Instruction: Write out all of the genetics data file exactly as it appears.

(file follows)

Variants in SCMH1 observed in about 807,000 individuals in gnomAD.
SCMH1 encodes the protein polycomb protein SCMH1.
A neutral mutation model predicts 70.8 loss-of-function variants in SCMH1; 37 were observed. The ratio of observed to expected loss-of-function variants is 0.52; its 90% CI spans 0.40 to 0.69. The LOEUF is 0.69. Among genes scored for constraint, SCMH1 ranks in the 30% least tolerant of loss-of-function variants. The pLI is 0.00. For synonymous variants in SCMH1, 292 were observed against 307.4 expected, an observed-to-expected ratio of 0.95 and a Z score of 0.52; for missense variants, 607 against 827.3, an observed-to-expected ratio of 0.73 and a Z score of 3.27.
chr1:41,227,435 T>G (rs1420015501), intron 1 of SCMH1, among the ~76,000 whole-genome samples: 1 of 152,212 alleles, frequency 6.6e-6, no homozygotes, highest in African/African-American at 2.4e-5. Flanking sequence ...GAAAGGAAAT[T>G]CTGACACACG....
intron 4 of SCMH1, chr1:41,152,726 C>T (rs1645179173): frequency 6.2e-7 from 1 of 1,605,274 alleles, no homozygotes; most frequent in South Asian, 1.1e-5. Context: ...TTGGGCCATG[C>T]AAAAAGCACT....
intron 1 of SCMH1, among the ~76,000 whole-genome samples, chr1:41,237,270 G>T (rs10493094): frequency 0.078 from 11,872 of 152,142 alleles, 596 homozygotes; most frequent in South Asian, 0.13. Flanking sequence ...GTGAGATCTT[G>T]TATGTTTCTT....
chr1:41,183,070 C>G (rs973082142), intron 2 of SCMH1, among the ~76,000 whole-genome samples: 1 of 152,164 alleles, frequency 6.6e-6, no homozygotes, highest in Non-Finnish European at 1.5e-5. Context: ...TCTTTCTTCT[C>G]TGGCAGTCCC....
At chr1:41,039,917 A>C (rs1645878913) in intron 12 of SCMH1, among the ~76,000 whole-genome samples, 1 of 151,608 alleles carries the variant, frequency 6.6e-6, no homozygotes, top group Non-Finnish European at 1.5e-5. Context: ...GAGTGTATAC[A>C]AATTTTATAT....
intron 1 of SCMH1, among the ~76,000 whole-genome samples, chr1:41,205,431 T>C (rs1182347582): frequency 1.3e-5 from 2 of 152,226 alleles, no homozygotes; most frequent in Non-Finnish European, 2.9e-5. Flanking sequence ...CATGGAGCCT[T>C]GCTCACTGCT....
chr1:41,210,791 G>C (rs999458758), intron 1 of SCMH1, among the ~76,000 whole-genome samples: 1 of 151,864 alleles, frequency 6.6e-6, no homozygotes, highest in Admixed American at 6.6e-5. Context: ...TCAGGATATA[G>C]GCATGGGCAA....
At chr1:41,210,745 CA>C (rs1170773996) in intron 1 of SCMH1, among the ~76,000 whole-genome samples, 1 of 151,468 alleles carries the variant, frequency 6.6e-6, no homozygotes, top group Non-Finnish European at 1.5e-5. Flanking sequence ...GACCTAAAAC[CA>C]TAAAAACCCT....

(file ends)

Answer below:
Variants in SCMH1 observed in about 807,000 individuals in gnomAD.
SCMH1 encodes the protein polycomb protein SCMH1.
A neutral mutation model predicts 70.8 loss-of-function variants in SCMH1; 37 were observed. The ratio of observed to expected loss-of-function variants is 0.52; its 90% CI spans 0.40 to 0.69. The LOEUF is 0.69. Among genes scored for constraint, SCMH1 ranks in the 30% least tolerant of loss-of-function variants. The pLI is 0.00. For synonymous variants in SCMH1, 292 were observed against 307.4 expected, an observed-to-expected ratio of 0.95 and a Z score of 0.52; for missense variants, 607 against 827.3, an observed-to-expected ratio of 0.73 and a Z score of 3.27.
chr1:41,227,435 T>G (rs1420015501), intron 1 of SCMH1, among the ~76,000 whole-genome samples: 1 of 152,212 alleles, frequency 6.6e-6, no homozygotes, highest in African/African-American at 2.4e-5. Flanking sequence ...GAAAGGAAAT[T>G]CTGACACACG....
intron 4 of SCMH1, chr1:41,152,726 C>T (rs1645179173): frequency 6.2e-7 from 1 of 1,605,274 alleles, no homozygotes; most frequent in South Asian, 1.1e-5. Context: ...TTGGGCCATG[C>T]AAAAAGCACT....
intron 1 of SCMH1, among the ~76,000 whole-genome samples, chr1:41,237,270 G>T (rs10493094): frequency 0.078 from 11,872 of 152,142 alleles, 596 homozygotes; most frequent in South Asian, 0.13. Flanking sequence ...GTGAGATCTT[G>T]TATGTTTCTT....
chr1:41,183,070 C>G (rs973082142), intron 2 of SCMH1, among the ~76,000 whole-genome samples: 1 of 152,164 alleles, frequency 6.6e-6, no homozygotes, highest in Non-Finnish European at 1.5e-5. Context: ...TCTTTCTTCT[C>G]TGGCAGTCCC....
At chr1:41,039,917 A>C (rs1645878913) in intron 12 of SCMH1, among the ~76,000 whole-genome samples, 1 of 151,608 alleles carries the variant, frequency 6.6e-6, no homozygotes, top group Non-Finnish European at 1.5e-5. Context: ...GAGTGTATAC[A>C]AATTTTATAT....
intron 1 of SCMH1, among the ~76,000 whole-genome samples, chr1:41,205,431 T>C (rs1182347582): frequency 1.3e-5 from 2 of 152,226 alleles, no homozygotes; most frequent in Non-Finnish European, 2.9e-5. Flanking sequence ...CATGGAGCCT[T>C]GCTCACTGCT....
chr1:41,210,791 G>C (rs999458758), intron 1 of SCMH1, among the ~76,000 whole-genome samples: 1 of 151,864 alleles, frequency 6.6e-6, no homozygotes, highest in Admixed American at 6.6e-5. Context: ...TCAGGATATA[G>C]GCATGGGCAA....
At chr1:41,210,745 CA>C (rs1170773996) in intron 1 of SCMH1, among the ~76,000 whole-genome samples, 1 of 151,468 alleles carries the variant, frequency 6.6e-6, no homozygotes, top group Non-Finnish European at 1.5e-5. Flanking sequence ...GACCTAAAAC[CA>C]TAAAAACCCT....